Steamboat Springs After discovering city staffers were privy to confidential e-mails, City Attorney Tony Lettunich recently asked the Steamboat Springs City Council to communicate with him using personal e-mail addresses.
And whether out of convenience or inattention, council members also have used their personal accounts for other city-related matters, underscoring a legally vague issue that has gained national attention this campaign season. From Steamboat Springs to Denver to Alaska, questions arise when politicians use private accounts to conduct government business.
Tipped by a September records request by the Steamboat Pilot & Today, council members began to wonder who was seeing their e-mails, Councilwoman Cari Hermacinski said. Council members learned their e-mails were being copied to a number of places within City Hall, including the city manager's office. This included privileged information from Lettunich, and especially was disturbing for a council that negotiated a severance agreement with former City Manager Alan Lanning in July.
"As it turned out, the city manger had been privy to all the e-mails we received regarding his contract," Councilman Jon Quinn said.
Lanning did not return e-mail and cell phone messages Friday.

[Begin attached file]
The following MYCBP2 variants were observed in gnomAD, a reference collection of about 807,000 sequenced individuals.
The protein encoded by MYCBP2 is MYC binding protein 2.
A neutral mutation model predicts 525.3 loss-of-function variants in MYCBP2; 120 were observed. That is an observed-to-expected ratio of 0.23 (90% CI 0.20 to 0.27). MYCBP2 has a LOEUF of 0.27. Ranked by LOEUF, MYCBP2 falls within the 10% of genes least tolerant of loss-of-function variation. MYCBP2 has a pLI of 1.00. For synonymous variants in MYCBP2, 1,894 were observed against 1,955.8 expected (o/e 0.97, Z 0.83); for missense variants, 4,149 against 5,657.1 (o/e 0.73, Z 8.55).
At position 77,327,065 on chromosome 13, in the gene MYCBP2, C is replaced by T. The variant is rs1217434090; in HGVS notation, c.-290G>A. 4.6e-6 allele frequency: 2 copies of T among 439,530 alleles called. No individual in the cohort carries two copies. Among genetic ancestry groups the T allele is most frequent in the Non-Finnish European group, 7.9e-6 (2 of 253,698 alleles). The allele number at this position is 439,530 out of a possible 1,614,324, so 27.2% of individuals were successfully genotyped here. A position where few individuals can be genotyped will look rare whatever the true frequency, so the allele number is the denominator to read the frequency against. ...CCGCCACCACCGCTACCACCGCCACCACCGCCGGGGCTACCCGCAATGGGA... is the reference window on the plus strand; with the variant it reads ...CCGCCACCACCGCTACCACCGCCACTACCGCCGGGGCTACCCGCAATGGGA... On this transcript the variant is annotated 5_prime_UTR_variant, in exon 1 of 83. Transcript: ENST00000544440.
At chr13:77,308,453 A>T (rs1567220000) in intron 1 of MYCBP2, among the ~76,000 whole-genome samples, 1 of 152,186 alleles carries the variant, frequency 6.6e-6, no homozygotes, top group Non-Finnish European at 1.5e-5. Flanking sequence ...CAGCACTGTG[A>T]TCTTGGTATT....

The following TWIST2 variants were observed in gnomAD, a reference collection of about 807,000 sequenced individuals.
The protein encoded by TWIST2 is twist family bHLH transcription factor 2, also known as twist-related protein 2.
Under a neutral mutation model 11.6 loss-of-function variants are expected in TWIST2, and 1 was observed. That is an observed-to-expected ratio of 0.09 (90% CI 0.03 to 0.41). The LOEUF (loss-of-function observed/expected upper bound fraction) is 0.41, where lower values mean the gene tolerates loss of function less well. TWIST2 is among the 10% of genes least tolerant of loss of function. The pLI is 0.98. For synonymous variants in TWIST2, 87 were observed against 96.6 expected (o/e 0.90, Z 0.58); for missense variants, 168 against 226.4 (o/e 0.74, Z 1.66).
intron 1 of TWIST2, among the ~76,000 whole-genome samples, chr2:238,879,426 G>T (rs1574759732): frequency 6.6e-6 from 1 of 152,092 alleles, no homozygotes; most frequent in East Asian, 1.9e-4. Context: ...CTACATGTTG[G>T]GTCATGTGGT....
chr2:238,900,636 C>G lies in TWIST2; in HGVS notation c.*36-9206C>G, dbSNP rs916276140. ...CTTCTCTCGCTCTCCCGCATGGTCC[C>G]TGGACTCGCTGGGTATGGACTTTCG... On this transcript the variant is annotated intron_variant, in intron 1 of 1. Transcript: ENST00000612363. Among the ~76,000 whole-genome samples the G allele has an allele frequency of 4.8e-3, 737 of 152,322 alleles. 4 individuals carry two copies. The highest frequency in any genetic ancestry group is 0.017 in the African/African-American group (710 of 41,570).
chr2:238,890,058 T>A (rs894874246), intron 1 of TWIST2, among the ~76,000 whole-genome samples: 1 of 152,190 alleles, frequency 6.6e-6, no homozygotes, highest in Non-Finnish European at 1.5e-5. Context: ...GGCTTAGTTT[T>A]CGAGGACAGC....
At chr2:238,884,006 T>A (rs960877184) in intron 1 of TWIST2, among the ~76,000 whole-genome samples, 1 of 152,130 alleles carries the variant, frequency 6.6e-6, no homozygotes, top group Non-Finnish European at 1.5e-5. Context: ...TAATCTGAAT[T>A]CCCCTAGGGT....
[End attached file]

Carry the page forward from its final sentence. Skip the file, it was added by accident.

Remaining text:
"The stuff on attorney-client privilege really made my blood boil," Hermacinski said, "especially if somebody was reading it who isn't a City Council person. : (Lanning's) assistant (Lauren Mooney) was, in fact, getting sent all of them."
Hermacinski is an attorney who works with the telecommunications industry across the country. Council members are not sure whether the confidential e-mails were read.
Hermacinski and City Council President Loui Antonucci said they do not recall anything from the negotiation of Lanning's severance agreement that suggests he had knowledge of their correspondence with Lettunich. The agreement outlining Lanning's severance package was more generous than what was stipulated in his original contract.
"We basically gave Alan what he wanted," Hermacinski said. "There wasn't a tremendous amount of negotiating going on."
"Nobody really knew that was going on," Antonucci said about council members' e-mails being copied to city staff members. "I don't think there was anything subversive about it. I don't know if they were reading everything that went through."
Quinn, however, thinks it is inexcusable that Lettunich was not aware of the practice.
"In my humble opinion," he said, "it was a little bit less than honest that that wasn't disclosed to the city attorney."
Paul Strong, a former council member who was president in 2004 and 2005, thinks he was the first to request that city staff be copied on council e-mails. He said it was "a good way for somebody in the city administration to know what was going on."